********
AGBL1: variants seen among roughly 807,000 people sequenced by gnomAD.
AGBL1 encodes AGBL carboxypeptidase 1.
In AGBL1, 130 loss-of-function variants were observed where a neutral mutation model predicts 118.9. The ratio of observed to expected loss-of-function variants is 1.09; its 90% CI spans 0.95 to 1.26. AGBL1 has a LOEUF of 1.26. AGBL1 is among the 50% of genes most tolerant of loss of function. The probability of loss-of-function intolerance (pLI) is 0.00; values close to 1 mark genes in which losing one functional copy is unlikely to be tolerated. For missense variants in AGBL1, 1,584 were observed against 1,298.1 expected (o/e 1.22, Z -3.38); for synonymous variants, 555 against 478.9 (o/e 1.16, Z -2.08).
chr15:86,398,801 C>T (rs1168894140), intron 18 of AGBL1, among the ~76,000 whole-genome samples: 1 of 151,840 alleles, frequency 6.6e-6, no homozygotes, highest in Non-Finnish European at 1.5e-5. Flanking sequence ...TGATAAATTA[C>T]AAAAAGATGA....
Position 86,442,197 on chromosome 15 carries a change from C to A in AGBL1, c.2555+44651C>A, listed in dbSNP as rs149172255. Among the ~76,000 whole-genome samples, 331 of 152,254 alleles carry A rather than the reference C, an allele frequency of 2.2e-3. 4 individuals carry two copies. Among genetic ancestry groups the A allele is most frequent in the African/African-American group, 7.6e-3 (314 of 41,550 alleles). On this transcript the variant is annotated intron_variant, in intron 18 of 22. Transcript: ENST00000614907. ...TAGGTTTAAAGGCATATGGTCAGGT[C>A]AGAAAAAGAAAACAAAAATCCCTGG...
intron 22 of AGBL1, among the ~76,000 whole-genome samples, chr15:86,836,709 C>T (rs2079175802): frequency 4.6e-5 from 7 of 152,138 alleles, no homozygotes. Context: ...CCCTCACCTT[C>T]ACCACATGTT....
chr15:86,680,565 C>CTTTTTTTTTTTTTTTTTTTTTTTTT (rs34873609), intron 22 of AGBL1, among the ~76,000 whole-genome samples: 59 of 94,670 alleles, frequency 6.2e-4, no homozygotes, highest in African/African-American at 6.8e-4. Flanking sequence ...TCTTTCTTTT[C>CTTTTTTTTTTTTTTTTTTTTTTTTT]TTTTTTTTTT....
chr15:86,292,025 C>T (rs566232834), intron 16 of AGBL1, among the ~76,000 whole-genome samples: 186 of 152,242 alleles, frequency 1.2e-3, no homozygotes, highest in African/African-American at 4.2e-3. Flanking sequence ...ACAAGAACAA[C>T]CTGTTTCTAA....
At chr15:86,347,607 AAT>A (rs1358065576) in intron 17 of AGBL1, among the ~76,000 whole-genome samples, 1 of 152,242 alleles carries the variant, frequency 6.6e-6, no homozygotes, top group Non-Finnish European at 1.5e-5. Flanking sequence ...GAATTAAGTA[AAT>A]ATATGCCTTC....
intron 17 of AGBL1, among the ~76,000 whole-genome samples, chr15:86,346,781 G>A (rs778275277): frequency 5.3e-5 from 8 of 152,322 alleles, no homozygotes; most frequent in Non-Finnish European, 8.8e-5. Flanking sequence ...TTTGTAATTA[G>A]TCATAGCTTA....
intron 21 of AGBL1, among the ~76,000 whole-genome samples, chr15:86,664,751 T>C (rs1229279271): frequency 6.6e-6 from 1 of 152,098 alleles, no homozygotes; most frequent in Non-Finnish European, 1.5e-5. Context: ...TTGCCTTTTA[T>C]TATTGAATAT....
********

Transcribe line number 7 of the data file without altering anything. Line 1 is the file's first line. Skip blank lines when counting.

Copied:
chr15:86,680,565 C>CTTTTTTTTTTTTTTTTTTTTTTTTT (rs34873609), intron 22 of AGBL1, among the ~76,000 whole-genome samples: 59 of 94,670 alleles, frequency 6.2e-4, no homozygotes, highest in African/African-American at 6.8e-4. Flanking sequence ...TCTTTCTTTT[C>CTTTTTTTTTTTTTTTTTTTTTTTTT]TTTTTTTTTT....